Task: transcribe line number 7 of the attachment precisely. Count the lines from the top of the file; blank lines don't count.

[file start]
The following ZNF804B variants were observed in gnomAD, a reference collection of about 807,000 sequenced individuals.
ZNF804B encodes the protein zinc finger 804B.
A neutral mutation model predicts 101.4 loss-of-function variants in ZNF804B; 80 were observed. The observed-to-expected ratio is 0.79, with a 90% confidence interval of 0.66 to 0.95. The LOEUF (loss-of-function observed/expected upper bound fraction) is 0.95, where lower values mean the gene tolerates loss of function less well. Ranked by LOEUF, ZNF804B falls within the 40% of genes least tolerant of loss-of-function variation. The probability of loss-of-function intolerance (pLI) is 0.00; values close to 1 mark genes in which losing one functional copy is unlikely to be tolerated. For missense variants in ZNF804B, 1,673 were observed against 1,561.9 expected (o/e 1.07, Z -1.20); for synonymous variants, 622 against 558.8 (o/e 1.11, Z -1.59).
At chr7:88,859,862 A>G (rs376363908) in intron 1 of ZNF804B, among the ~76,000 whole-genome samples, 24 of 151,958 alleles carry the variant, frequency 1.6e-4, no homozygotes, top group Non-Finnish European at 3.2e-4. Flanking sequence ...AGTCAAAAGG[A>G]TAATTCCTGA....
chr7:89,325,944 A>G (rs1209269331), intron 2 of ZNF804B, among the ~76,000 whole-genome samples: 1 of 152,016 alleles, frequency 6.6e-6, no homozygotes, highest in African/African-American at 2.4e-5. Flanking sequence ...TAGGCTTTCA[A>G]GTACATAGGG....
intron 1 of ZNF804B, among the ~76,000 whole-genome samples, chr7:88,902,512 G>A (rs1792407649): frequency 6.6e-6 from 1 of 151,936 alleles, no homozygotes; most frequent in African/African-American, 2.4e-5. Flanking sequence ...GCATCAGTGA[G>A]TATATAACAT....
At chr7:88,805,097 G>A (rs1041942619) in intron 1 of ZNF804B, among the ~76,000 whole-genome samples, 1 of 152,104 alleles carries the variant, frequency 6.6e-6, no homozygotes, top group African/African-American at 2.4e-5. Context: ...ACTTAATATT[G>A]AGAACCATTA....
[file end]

At chr7:88,805,097 G>A (rs1041942619) in intron 1 of ZNF804B, among the ~76,000 whole-genome samples, 1 of 152,104 alleles carries the variant, frequency 6.6e-6, no homozygotes, top group African/African-American at 2.4e-5. Context: ...ACTTAATATT[G>A]AGAACCATTA....